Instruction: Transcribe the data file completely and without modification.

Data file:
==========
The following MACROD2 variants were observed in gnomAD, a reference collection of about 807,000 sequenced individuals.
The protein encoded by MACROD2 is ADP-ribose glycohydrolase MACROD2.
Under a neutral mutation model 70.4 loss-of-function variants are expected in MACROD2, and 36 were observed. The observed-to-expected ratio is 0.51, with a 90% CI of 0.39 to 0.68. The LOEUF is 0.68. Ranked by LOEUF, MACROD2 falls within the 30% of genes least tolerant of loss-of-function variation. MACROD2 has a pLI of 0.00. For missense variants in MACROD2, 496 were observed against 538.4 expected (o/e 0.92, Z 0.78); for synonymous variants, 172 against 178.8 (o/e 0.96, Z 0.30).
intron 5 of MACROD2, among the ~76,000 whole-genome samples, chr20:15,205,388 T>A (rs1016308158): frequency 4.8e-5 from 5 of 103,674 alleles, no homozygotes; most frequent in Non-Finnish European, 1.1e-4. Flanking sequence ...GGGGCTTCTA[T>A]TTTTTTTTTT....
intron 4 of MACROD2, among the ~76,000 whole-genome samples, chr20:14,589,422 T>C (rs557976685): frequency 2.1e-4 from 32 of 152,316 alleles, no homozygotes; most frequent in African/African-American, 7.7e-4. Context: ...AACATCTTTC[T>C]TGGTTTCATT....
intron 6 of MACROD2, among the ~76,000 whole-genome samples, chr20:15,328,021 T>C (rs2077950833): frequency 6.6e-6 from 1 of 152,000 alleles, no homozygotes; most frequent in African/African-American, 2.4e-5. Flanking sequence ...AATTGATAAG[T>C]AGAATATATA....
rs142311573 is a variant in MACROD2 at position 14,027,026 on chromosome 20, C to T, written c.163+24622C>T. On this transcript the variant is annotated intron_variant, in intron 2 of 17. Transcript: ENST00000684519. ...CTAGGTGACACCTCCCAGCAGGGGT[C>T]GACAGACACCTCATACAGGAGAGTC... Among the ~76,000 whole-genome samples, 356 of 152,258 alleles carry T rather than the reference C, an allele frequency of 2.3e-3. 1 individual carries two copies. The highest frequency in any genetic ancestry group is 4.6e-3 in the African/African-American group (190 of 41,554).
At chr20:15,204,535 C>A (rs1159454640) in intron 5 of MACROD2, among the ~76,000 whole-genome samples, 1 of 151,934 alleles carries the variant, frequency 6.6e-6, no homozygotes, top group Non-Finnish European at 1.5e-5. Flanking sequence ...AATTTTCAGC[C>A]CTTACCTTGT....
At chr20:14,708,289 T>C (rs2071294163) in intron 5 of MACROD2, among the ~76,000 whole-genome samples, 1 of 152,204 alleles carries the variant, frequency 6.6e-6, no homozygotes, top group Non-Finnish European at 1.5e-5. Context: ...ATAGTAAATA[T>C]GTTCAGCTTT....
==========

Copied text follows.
The following MACROD2 variants were observed in gnomAD, a reference collection of about 807,000 sequenced individuals.
The protein encoded by MACROD2 is ADP-ribose glycohydrolase MACROD2.
Under a neutral mutation model 70.4 loss-of-function variants are expected in MACROD2, and 36 were observed. The observed-to-expected ratio is 0.51, with a 90% CI of 0.39 to 0.68. The LOEUF is 0.68. Ranked by LOEUF, MACROD2 falls within the 30% of genes least tolerant of loss-of-function variation. MACROD2 has a pLI of 0.00. For missense variants in MACROD2, 496 were observed against 538.4 expected (o/e 0.92, Z 0.78); for synonymous variants, 172 against 178.8 (o/e 0.96, Z 0.30).
intron 5 of MACROD2, among the ~76,000 whole-genome samples, chr20:15,205,388 T>A (rs1016308158): frequency 4.8e-5 from 5 of 103,674 alleles, no homozygotes; most frequent in Non-Finnish European, 1.1e-4. Flanking sequence ...GGGGCTTCTA[T>A]TTTTTTTTTT....
intron 4 of MACROD2, among the ~76,000 whole-genome samples, chr20:14,589,422 T>C (rs557976685): frequency 2.1e-4 from 32 of 152,316 alleles, no homozygotes; most frequent in African/African-American, 7.7e-4. Context: ...AACATCTTTC[T>C]TGGTTTCATT....
intron 6 of MACROD2, among the ~76,000 whole-genome samples, chr20:15,328,021 T>C (rs2077950833): frequency 6.6e-6 from 1 of 152,000 alleles, no homozygotes; most frequent in African/African-American, 2.4e-5. Flanking sequence ...AATTGATAAG[T>C]AGAATATATA....
rs142311573 is a variant in MACROD2 at position 14,027,026 on chromosome 20, C to T, written c.163+24622C>T. On this transcript the variant is annotated intron_variant, in intron 2 of 17. Transcript: ENST00000684519. ...CTAGGTGACACCTCCCAGCAGGGGT[C>T]GACAGACACCTCATACAGGAGAGTC... Among the ~76,000 whole-genome samples, 356 of 152,258 alleles carry T rather than the reference C, an allele frequency of 2.3e-3. 1 individual carries two copies. The highest frequency in any genetic ancestry group is 4.6e-3 in the African/African-American group (190 of 41,554).
At chr20:15,204,535 C>A (rs1159454640) in intron 5 of MACROD2, among the ~76,000 whole-genome samples, 1 of 151,934 alleles carries the variant, frequency 6.6e-6, no homozygotes, top group Non-Finnish European at 1.5e-5. Flanking sequence ...AATTTTCAGC[C>A]CTTACCTTGT....
At chr20:14,708,289 T>C (rs2071294163) in intron 5 of MACROD2, among the ~76,000 whole-genome samples, 1 of 152,204 alleles carries the variant, frequency 6.6e-6, no homozygotes, top group Non-Finnish European at 1.5e-5. Context: ...ATAGTAAATA[T>C]GTTCAGCTTT....